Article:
By David Hudnall
The Durham Community Land Trustees has been hip to the sun for about a decade now.
Where it can afford to do so, the nonprofit uses solar hot-water heaters and implements passive solar design in its affordable housing units. But solar photovoltaic panels have always been too expensive.
Last year, the renewable energy organization NC WARN put up $20,000 and raised another $22,000 from solar enthusiasts to purchase and install solar panels on a DCLT property at 811 Carroll Street, in Durham’s West End neighborhood. The four panels—one for each apartment in the building—went live this winter and are expected to bring $1,700 in energy-bill savings every year.
“The panels do eventually pay for themselves, but if you do the math on the Carroll Street property, it’ll take almost twenty-five years,” says Selina Mack, executive director of the DCLT. “We’d love to do panels on our other units, but it would have to be a similar situation where the panels were a gift. They cost over $10,000 per panel. I mean, where would that money come from?”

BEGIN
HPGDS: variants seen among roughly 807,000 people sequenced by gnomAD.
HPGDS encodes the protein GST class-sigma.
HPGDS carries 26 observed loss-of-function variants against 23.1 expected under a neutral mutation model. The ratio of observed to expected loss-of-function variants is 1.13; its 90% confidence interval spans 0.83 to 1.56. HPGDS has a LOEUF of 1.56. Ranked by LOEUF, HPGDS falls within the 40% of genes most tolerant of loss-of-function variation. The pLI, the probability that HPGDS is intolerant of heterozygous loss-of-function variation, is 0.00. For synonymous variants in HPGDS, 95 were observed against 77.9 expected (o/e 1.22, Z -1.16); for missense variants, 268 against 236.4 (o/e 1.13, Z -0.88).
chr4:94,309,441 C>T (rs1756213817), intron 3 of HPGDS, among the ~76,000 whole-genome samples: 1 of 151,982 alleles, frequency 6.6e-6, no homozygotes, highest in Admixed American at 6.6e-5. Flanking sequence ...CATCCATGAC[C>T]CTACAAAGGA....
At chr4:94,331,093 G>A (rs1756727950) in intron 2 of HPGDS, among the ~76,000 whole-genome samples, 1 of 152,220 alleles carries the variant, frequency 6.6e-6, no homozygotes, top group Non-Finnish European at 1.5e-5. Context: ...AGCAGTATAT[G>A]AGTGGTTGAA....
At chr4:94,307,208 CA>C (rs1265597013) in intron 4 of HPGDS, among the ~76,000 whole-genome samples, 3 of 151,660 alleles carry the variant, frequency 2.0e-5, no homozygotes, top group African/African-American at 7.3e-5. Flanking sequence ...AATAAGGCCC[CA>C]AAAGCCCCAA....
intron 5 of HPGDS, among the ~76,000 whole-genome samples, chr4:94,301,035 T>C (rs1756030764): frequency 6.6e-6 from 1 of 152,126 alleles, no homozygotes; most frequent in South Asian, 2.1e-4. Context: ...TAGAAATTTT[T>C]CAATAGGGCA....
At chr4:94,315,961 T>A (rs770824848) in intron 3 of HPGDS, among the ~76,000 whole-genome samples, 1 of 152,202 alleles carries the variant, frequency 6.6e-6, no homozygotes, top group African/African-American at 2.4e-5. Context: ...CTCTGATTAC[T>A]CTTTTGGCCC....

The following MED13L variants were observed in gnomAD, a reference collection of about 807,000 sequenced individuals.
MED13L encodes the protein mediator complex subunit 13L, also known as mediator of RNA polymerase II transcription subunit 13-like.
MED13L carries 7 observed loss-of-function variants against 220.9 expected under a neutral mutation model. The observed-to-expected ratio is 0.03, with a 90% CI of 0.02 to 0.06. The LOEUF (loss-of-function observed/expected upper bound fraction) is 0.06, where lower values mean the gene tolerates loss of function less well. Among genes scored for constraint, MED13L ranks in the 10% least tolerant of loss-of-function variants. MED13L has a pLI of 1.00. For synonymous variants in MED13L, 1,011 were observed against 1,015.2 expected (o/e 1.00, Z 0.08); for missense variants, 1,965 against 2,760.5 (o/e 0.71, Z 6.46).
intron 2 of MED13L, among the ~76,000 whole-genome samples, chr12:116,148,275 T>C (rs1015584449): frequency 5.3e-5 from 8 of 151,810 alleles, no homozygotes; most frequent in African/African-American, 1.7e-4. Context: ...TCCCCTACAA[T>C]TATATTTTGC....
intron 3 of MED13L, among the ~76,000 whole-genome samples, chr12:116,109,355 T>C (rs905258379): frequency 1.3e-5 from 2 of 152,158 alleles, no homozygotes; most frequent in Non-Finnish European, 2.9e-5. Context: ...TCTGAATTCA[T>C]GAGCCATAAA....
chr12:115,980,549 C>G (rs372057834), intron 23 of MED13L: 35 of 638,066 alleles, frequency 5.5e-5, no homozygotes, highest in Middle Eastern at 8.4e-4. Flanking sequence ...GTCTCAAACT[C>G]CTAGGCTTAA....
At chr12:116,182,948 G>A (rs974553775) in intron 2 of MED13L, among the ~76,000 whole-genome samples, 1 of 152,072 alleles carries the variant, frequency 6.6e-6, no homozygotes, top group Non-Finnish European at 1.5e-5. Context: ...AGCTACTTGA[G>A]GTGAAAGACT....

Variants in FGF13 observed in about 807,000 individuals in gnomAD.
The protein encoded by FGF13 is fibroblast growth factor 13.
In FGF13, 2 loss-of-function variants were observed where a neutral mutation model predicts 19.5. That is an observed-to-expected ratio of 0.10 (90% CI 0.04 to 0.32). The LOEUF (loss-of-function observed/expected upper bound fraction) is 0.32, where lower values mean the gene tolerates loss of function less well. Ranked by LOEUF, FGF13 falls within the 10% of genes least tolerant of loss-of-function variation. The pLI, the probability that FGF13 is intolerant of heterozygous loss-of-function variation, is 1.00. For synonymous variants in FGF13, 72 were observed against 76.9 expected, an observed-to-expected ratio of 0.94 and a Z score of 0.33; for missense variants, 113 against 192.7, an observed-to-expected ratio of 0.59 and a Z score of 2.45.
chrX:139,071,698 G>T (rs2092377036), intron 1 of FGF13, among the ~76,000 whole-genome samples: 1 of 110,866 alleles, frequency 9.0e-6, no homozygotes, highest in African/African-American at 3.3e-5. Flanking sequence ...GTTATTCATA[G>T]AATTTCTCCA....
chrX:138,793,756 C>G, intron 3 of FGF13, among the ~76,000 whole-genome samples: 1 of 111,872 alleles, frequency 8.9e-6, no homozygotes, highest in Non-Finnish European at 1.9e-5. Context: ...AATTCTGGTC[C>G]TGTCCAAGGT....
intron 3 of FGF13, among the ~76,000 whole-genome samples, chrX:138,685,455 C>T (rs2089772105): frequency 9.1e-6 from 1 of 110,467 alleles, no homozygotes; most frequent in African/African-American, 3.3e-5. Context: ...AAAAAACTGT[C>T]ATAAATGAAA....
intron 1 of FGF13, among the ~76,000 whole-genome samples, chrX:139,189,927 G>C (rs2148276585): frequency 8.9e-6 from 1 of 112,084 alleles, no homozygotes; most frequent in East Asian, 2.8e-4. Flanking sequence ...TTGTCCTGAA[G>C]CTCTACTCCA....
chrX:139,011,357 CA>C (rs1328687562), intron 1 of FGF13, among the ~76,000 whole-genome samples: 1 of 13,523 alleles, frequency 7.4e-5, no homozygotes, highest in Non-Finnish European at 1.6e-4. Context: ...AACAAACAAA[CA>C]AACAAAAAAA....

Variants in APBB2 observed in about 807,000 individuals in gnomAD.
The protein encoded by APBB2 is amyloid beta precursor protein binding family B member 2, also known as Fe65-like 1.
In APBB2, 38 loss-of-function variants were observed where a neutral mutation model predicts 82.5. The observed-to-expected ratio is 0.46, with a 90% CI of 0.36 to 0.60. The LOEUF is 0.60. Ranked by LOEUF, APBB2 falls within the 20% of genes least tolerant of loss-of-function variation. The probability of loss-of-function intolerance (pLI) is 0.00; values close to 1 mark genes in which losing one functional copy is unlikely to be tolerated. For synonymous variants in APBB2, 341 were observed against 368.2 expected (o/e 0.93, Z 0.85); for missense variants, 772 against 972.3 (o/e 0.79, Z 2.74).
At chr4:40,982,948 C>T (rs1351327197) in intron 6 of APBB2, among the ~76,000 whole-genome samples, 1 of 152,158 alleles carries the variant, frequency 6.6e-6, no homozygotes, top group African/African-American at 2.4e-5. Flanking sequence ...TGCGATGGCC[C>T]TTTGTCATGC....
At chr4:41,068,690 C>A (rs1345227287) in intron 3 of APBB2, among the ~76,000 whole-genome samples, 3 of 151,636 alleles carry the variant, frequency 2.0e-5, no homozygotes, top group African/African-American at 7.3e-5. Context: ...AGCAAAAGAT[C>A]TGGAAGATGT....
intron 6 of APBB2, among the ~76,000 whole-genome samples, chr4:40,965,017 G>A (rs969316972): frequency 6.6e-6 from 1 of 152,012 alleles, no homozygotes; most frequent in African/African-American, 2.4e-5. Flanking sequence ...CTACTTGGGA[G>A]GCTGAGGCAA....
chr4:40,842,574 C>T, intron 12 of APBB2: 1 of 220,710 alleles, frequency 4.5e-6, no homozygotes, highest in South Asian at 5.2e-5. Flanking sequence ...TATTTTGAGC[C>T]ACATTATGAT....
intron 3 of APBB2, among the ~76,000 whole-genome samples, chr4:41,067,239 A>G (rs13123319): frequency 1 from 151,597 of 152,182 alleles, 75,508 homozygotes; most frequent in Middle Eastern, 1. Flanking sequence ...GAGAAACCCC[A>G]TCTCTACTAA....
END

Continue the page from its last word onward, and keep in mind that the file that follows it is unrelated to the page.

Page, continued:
It’s a question that dogs solar-eager citizens across the state. Though North Carolina is the fourth-highest solar producer in the nation, you have to travel to rural solar farms to see much evidence of it. For average homeowners, the barriers are high. Third-party leasing—a no-upfront-cost scenario wherein a solar provider installs a system on your property and you pay back a set rate over time—is prohibited by state law. And last year, the General Assembly let expire the very tax credit that helped propel North Carolina to become one of the leading solar producers in the United States.
Which raises the inevitable question: What can cities like Durham do to advance solar in spite of the legislature?